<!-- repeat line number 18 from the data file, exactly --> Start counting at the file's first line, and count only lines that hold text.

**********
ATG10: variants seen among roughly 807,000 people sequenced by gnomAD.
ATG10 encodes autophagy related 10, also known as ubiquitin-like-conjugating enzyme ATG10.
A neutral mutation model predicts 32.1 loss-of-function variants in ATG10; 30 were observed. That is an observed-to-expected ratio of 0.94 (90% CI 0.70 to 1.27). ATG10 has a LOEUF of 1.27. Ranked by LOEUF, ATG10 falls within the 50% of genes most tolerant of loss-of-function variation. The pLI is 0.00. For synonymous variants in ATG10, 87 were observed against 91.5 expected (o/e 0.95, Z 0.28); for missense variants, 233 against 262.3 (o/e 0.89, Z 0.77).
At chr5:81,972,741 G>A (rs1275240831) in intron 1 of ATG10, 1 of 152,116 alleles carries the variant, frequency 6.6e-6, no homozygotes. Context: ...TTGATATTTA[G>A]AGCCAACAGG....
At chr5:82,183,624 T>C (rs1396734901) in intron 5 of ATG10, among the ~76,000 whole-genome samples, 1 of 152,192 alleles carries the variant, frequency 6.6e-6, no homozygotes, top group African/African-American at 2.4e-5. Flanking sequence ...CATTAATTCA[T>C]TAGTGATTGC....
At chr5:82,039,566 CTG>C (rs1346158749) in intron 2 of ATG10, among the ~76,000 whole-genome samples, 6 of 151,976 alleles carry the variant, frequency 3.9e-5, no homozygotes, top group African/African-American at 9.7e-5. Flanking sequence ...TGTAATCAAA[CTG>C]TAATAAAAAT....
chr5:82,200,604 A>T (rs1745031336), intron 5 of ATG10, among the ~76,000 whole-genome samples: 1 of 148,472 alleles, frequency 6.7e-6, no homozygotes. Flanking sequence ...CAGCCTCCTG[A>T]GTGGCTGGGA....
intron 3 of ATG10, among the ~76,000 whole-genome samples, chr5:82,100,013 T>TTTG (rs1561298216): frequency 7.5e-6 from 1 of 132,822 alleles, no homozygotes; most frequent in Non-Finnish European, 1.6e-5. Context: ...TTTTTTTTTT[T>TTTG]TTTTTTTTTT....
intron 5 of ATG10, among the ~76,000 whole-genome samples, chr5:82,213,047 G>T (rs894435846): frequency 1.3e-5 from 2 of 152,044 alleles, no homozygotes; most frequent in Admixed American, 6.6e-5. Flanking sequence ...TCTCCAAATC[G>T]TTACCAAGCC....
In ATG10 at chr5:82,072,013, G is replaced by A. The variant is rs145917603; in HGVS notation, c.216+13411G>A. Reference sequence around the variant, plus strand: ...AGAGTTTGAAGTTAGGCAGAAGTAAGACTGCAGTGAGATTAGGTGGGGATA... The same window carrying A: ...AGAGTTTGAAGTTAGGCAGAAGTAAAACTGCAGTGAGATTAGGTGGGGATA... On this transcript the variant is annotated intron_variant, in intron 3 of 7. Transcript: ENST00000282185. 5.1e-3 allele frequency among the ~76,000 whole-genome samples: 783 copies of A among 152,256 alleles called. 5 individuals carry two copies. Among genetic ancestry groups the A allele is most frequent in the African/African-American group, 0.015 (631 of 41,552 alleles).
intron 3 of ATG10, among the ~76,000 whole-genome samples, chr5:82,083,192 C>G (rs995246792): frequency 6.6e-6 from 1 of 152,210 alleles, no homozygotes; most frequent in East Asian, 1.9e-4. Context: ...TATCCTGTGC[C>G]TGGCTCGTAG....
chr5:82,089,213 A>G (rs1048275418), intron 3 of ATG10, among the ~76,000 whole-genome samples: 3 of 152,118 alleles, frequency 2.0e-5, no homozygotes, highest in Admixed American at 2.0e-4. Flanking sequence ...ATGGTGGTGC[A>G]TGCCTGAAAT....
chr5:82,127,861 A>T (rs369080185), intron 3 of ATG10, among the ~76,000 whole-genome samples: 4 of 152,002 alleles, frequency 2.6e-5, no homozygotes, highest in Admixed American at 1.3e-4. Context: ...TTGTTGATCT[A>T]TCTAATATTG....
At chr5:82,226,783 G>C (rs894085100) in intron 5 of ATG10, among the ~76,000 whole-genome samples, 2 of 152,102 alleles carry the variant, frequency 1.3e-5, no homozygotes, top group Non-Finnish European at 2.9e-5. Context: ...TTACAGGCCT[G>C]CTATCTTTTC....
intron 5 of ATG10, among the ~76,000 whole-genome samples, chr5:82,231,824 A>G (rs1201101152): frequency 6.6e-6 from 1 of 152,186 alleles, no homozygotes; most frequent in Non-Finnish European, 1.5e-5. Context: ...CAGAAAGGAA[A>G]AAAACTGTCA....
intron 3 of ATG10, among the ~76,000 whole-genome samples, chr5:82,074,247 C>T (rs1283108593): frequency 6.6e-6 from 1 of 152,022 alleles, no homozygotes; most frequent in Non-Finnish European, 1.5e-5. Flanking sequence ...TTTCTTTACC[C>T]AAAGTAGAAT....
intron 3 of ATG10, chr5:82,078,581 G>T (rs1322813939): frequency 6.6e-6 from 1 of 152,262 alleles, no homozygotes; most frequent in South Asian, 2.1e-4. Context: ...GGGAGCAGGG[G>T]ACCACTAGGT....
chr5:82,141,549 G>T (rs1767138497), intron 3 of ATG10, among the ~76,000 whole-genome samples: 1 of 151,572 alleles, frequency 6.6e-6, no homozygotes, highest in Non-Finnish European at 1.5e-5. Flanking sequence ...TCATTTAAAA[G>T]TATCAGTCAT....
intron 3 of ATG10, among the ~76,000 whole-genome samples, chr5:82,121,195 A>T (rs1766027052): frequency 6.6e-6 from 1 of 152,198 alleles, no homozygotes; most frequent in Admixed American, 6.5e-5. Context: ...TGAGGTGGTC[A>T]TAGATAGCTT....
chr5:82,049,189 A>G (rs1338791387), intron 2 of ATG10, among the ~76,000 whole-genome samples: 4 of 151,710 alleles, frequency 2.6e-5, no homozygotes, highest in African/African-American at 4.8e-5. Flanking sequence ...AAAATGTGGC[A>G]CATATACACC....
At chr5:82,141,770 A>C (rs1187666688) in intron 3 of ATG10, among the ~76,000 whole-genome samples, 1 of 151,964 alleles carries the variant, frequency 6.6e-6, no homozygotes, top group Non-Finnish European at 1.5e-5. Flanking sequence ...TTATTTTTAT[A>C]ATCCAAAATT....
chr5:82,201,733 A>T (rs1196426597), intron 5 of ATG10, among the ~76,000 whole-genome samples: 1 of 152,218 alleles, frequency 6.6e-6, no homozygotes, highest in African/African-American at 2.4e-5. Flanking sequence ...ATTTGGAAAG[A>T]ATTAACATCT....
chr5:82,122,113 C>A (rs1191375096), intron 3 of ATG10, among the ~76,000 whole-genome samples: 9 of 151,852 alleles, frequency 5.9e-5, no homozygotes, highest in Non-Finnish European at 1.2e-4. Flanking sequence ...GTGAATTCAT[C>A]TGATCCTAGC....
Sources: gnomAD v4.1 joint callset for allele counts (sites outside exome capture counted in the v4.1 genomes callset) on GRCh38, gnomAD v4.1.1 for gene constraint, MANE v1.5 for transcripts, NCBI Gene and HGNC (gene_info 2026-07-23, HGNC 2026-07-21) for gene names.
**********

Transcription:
chr5:82,141,549 G>T (rs1767138497), intron 3 of ATG10, among the ~76,000 whole-genome samples: 1 of 151,572 alleles, frequency 6.6e-6, no homozygotes, highest in Non-Finnish European at 1.5e-5. Flanking sequence ...TCATTTAAAA[G>T]TATCAGTCAT....